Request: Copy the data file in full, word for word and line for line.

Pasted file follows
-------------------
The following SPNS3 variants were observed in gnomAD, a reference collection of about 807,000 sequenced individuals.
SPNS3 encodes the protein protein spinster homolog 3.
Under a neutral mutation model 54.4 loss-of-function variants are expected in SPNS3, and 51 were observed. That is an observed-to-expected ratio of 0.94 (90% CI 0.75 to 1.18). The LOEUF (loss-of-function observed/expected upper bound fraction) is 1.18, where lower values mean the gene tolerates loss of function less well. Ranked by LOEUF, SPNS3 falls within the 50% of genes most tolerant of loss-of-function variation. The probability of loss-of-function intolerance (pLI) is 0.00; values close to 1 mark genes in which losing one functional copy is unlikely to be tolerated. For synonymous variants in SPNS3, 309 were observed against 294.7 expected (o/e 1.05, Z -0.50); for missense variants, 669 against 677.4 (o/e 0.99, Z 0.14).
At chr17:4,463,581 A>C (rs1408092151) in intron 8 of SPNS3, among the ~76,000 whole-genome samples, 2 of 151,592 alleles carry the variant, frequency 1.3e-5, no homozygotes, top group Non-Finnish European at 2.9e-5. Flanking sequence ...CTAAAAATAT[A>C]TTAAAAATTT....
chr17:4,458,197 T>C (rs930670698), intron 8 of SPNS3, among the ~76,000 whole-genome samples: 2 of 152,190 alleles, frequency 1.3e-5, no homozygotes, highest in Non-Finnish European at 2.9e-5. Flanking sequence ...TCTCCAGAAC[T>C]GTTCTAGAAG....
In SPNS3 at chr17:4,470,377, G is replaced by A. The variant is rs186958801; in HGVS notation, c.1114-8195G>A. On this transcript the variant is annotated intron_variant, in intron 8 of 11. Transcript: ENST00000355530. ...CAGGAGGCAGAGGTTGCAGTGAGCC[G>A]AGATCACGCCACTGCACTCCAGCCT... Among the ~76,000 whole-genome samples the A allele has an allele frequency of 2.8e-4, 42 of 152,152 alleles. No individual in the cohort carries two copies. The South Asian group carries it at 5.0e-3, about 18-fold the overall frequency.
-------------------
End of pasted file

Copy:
The following SPNS3 variants were observed in gnomAD, a reference collection of about 807,000 sequenced individuals.
SPNS3 encodes the protein protein spinster homolog 3.
Under a neutral mutation model 54.4 loss-of-function variants are expected in SPNS3, and 51 were observed. That is an observed-to-expected ratio of 0.94 (90% CI 0.75 to 1.18). The LOEUF (loss-of-function observed/expected upper bound fraction) is 1.18, where lower values mean the gene tolerates loss of function less well. Ranked by LOEUF, SPNS3 falls within the 50% of genes most tolerant of loss-of-function variation. The probability of loss-of-function intolerance (pLI) is 0.00; values close to 1 mark genes in which losing one functional copy is unlikely to be tolerated. For synonymous variants in SPNS3, 309 were observed against 294.7 expected (o/e 1.05, Z -0.50); for missense variants, 669 against 677.4 (o/e 0.99, Z 0.14).
At chr17:4,463,581 A>C (rs1408092151) in intron 8 of SPNS3, among the ~76,000 whole-genome samples, 2 of 151,592 alleles carry the variant, frequency 1.3e-5, no homozygotes, top group Non-Finnish European at 2.9e-5. Flanking sequence ...CTAAAAATAT[A>C]TTAAAAATTT....
chr17:4,458,197 T>C (rs930670698), intron 8 of SPNS3, among the ~76,000 whole-genome samples: 2 of 152,190 alleles, frequency 1.3e-5, no homozygotes, highest in Non-Finnish European at 2.9e-5. Flanking sequence ...TCTCCAGAAC[T>C]GTTCTAGAAG....
In SPNS3 at chr17:4,470,377, G is replaced by A. The variant is rs186958801; in HGVS notation, c.1114-8195G>A. On this transcript the variant is annotated intron_variant, in intron 8 of 11. Transcript: ENST00000355530. ...CAGGAGGCAGAGGTTGCAGTGAGCC[G>A]AGATCACGCCACTGCACTCCAGCCT... Among the ~76,000 whole-genome samples the A allele has an allele frequency of 2.8e-4, 42 of 152,152 alleles. No individual in the cohort carries two copies. The South Asian group carries it at 5.0e-3, about 18-fold the overall frequency.